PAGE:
By Laila Bassam and Ayla Jean Yackley
BEIRUT/ISTANBUL (Reuters) - Two kidnapped Turkish pilots arrived in Istanbul after leaving Lebanon on Saturday and nine Lebanese hostages freed from Syria landed in Beirut, completing a hostage exchange after months of uncertainty.
Prime Minister Tayyip Erdogan greeted the Turkish Airlines pilots on the tarmac as they disembarked from a Qatar Airways jet and were met with cheers from family members.
The Lebanese, seized by Syrian rebels in May 2012, were freed and left northern Syria for Turkey a day earlier as part of the deal negotiated by Qatari mediators.
At Beirut International Airport, friends and relatives ululated and cheered as the men walked onto the tarmac.
"The situation is worse than you can imagine, we paid a heavy price," said one of the hostages, who was walking with a cane, apparently from an injury sustained in captivity.
The hostages' release may in fact be a three-way deal, Lebanese security sources said. They said the release of the Lebanese was originally contingent on the Syrian government's freeing of prisoners in state detention centers.
An opposition monitoring group, the Syrian Observatory for Human Rights, said the government had released dozens of prisoners over the past few days as part of that agreement.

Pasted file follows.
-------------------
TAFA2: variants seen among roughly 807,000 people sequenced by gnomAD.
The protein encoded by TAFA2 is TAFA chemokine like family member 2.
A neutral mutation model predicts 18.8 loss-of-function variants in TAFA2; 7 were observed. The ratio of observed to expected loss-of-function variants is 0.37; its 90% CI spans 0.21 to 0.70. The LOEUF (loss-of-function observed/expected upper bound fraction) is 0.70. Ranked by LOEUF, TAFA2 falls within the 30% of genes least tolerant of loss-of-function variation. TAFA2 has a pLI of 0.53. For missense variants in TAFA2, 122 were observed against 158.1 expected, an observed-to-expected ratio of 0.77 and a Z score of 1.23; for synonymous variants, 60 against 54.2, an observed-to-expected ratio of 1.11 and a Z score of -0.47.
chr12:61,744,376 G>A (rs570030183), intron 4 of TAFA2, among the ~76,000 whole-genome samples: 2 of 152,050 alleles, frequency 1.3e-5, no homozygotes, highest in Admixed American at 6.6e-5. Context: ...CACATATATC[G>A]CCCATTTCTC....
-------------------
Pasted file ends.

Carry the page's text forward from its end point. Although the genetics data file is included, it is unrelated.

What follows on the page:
Turkish Foreign Minister Ahmet Davutoglu said the release underscored Turkey's diplomatic clout.
"The success of this process, which has been conducted under the instructions of our prime minister, proves once again the regional importance of Turkey," Davutoglu said in a Twitter post before the pilots landed in Istanbul.
The kidnappings highlight how complex and regionalized Syria's 2-1/2-year conflict has become. The civil war has acquired sectarian dimensions that have pulled in its neighbors.
Sunni Muslim countries such as Turkey largely back the Sunni-led uprising against President Bashar al-Assad's rule.
Shi'ite Iran backs Assad, as does the Lebanese militant group Hezbollah, which is Shi'ite and supported by Tehran. Assad is from the Alawite sect, an offshoot of Shi'ite Islam.
'WE DIDN'T SEE DAYLIGHT'
Security sources said the agreement required that the Lebanese hostages not leave Turkey until the Turkish ambassador in Beirut had seen the Turkish pilots, who had been kidnapped in retaliation for the snatching of the Lebanese.
One of the Turkish hostages said their captors treated them respectfully and did not use violence against them.
"We weren't treated badly, but the first 25 days were difficult. We didn't see daylight," Murat Agca told reporters.
The Lebanese hostages' families say they were religious pilgrims, but their kidnappers accused them of belonging to Hezbollah, which has been fighting alongside Assad's forces in Syria.
The Turkish pilots were kidnapped by the family of one of the Lebanese hostages in order to press the Turkish government to help secure the group's release. Turkey has some influence with the Syrian opposition, having offered refuge and support to the rebels fighting Assad.
Abbas al-Shuaab, one of the freed Lebanese hostages, wrapped a Hezbollah flag from the crowd around his shoulders.
"They accused me of being in Hezbollah and I was not in Hezbollah," he said. "But from now on, I consider myself a soldier and fighter for (Hezbollah leader) Hassan Nasrallah."
(Additional reporting by Alex Dziadosz Writing by Erika Solomon; Editing by Mark Trevelyan, Alison Williams and Peter Cooney)